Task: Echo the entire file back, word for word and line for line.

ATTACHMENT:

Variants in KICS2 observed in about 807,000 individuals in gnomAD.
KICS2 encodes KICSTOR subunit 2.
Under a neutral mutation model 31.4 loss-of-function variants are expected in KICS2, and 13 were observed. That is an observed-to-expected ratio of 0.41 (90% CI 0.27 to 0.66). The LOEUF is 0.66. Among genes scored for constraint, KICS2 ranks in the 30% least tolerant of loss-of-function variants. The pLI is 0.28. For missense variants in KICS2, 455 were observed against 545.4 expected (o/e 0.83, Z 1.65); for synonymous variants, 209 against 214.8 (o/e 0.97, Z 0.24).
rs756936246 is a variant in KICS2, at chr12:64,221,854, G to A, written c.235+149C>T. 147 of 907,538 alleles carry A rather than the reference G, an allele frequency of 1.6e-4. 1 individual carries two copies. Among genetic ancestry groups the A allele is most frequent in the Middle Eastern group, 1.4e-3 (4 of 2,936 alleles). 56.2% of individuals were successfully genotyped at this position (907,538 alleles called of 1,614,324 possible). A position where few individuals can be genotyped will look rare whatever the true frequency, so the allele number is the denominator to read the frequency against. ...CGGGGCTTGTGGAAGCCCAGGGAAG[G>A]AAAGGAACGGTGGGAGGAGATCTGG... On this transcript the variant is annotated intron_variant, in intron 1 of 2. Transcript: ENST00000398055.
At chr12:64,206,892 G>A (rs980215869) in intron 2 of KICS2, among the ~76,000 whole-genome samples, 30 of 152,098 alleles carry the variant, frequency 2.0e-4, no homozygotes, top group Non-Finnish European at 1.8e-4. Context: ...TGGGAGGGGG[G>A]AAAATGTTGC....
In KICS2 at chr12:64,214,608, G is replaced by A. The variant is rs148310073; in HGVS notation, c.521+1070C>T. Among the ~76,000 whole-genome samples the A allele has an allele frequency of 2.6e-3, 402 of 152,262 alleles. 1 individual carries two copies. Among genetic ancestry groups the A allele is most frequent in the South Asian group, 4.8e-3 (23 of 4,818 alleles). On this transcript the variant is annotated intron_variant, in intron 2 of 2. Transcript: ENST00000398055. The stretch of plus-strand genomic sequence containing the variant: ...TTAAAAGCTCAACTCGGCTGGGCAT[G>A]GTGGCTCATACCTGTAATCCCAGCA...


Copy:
Variants in KICS2 observed in about 807,000 individuals in gnomAD.
KICS2 encodes KICSTOR subunit 2.
Under a neutral mutation model 31.4 loss-of-function variants are expected in KICS2, and 13 were observed. That is an observed-to-expected ratio of 0.41 (90% CI 0.27 to 0.66). The LOEUF is 0.66. Among genes scored for constraint, KICS2 ranks in the 30% least tolerant of loss-of-function variants. The pLI is 0.28. For missense variants in KICS2, 455 were observed against 545.4 expected (o/e 0.83, Z 1.65); for synonymous variants, 209 against 214.8 (o/e 0.97, Z 0.24).
rs756936246 is a variant in KICS2, at chr12:64,221,854, G to A, written c.235+149C>T. 147 of 907,538 alleles carry A rather than the reference G, an allele frequency of 1.6e-4. 1 individual carries two copies. Among genetic ancestry groups the A allele is most frequent in the Middle Eastern group, 1.4e-3 (4 of 2,936 alleles). 56.2% of individuals were successfully genotyped at this position (907,538 alleles called of 1,614,324 possible). A position where few individuals can be genotyped will look rare whatever the true frequency, so the allele number is the denominator to read the frequency against. ...CGGGGCTTGTGGAAGCCCAGGGAAG[G>A]AAAGGAACGGTGGGAGGAGATCTGG... On this transcript the variant is annotated intron_variant, in intron 1 of 2. Transcript: ENST00000398055.
At chr12:64,206,892 G>A (rs980215869) in intron 2 of KICS2, among the ~76,000 whole-genome samples, 30 of 152,098 alleles carry the variant, frequency 2.0e-4, no homozygotes, top group Non-Finnish European at 1.8e-4. Context: ...TGGGAGGGGG[G>A]AAAATGTTGC....
In KICS2 at chr12:64,214,608, G is replaced by A. The variant is rs148310073; in HGVS notation, c.521+1070C>T. Among the ~76,000 whole-genome samples the A allele has an allele frequency of 2.6e-3, 402 of 152,262 alleles. 1 individual carries two copies. Among genetic ancestry groups the A allele is most frequent in the South Asian group, 4.8e-3 (23 of 4,818 alleles). On this transcript the variant is annotated intron_variant, in intron 2 of 2. Transcript: ENST00000398055. The stretch of plus-strand genomic sequence containing the variant: ...TTAAAAGCTCAACTCGGCTGGGCAT[G>A]GTGGCTCATACCTGTAATCCCAGCA...